“With the budget issues we’re facing, and we’ll probably face again next year, we have to try to maximize the tax dollars to benefit all parties, to benefit the citizens,” Councilman Gra Singleton said.
The Garner Rescue currently has three full-time positions and three part-time positions along with volunteers. The Council voted to begin talks between the Rescue and Fire leaders as well as Town representatives to shift the manpower to the Fire Dept., making the six positions all fulltime.
The nearly $270,000 in funding for the Rescue Dept. would be transferred to the Fire Dept.
Singleton said the Town has paid an annual amount of more than $50,000 for a new Rescue truck. Town staff will begin discussions soon with the Rescue Dept. to determine how that asset will be distributed. However, the most pressing matter is the personnel. Deputy Fire Chief Matt Poole said the next school starts July 1 for nine months of training, which the new Fire Dept. employees would need in order to make sure they have training in fire protection as well as their EMS experience.
But Rescue Dept. leaders aren’t sure the transition can take place that fast.
“I think we know this has been coming for some time. It will be the future of Garner; it’s going to happen one of these days,” Chief William Frederick said.
Still he said it’s not feasible to have everything ready by July 1. “I don’t think three weeks is anywhere near ample time to do it,” he said.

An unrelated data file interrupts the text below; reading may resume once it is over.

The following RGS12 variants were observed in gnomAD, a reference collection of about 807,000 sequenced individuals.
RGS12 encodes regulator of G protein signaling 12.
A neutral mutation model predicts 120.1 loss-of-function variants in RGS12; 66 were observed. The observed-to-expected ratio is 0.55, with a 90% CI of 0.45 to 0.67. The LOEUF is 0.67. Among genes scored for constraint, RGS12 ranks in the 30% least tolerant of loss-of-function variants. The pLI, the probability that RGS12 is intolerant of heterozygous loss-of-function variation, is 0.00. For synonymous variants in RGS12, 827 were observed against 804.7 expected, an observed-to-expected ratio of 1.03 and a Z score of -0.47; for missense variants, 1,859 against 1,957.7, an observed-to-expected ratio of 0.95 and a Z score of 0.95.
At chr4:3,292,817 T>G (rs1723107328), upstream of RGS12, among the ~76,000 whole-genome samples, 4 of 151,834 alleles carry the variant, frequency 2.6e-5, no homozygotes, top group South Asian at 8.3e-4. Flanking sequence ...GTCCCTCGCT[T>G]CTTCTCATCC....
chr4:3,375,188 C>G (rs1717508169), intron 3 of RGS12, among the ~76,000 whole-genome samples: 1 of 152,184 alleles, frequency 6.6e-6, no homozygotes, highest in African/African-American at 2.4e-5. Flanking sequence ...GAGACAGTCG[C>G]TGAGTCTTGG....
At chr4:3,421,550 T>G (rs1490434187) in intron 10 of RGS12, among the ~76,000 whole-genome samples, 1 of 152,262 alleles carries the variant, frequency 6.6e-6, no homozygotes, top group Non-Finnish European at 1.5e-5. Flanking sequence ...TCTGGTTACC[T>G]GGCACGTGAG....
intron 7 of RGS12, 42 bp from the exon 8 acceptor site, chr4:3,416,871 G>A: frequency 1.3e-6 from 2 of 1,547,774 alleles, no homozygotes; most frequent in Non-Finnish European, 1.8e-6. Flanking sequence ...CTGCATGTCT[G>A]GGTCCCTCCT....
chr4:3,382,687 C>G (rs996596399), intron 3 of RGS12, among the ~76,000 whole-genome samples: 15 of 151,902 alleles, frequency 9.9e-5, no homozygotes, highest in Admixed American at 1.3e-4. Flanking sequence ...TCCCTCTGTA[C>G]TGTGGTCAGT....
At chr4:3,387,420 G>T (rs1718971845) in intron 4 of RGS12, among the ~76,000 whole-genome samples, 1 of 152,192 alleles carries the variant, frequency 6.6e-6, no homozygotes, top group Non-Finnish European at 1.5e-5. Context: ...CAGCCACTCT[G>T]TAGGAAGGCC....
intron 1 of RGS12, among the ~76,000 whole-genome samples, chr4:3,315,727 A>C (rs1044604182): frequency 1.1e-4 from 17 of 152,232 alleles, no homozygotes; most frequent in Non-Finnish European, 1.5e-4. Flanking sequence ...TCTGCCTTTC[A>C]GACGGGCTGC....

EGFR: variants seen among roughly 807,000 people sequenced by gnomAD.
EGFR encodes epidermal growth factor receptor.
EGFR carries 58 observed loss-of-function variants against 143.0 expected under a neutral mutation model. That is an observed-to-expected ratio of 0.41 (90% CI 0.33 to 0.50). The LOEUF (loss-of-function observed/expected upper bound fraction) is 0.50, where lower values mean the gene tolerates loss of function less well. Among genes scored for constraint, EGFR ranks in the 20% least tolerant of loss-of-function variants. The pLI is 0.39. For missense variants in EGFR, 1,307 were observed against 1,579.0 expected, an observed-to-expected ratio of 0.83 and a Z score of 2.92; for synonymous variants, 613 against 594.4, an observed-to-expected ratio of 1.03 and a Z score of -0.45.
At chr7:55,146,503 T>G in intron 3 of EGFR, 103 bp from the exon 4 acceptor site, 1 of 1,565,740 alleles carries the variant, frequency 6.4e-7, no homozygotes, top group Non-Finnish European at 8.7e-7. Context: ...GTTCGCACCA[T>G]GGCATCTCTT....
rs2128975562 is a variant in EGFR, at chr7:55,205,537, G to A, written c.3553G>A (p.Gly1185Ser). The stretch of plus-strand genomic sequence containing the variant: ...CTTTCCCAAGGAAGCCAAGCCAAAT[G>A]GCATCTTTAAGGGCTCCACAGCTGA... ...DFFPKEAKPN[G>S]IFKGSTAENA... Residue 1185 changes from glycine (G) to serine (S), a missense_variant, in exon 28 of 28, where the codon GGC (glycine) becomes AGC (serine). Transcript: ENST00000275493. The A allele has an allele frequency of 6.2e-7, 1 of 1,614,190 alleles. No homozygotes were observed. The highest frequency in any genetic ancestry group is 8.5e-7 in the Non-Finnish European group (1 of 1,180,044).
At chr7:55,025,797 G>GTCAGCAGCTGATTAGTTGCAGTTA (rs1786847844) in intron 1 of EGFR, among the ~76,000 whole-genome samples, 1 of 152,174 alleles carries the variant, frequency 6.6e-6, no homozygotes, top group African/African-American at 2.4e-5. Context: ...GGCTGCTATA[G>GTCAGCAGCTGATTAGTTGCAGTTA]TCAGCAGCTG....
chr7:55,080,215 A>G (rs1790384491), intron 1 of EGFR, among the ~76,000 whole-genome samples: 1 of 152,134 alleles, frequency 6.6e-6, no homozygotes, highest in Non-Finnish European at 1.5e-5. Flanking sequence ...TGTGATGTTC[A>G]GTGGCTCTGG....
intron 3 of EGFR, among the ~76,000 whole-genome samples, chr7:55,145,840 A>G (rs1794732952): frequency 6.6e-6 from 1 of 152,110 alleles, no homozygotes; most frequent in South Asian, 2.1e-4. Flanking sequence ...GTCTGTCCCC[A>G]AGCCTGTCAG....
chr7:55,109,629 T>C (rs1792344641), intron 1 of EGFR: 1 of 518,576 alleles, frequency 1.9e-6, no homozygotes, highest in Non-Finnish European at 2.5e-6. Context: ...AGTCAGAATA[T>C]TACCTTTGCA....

By the June 7 Town Council meeting, Rescue and Fire Dept. leaders had not yet had the chance to meet. Frederick said it was because he had been told of the merger June 3.
Councilmen Buck Kennedy and Singleton said it was necessary to get the ball rolling.
“It begs to be started now,” Kennedy said.
Singleton said it wouldn’t be advantageous to draw out the start of the merger.
“If we don’t start now talking, then we’ll be dragging it out for another six months and we can’t do that,” he said. “We need to go ahead and get the discussion rolling.”
Poole said he is happy to accept the new employees with open arms and they would have the chance to go to training with the seven to nine new Fire Dept. recruits that they would be working with.
“Our intention is not to put anyone out of a job, especially in this economy and the service they provide has been very adequate,” he said.
It’s the end of era as far as some are concerned. Howard Hudson of the Rescue Dept. said the team has had an outstanding run.
“We didn’t do this just as rescue. We didn’t do this just as fire. For the 35 years, we’ve worked together and I had to see it come to an end, but I understand – it’s taken a little while,” Hudson said.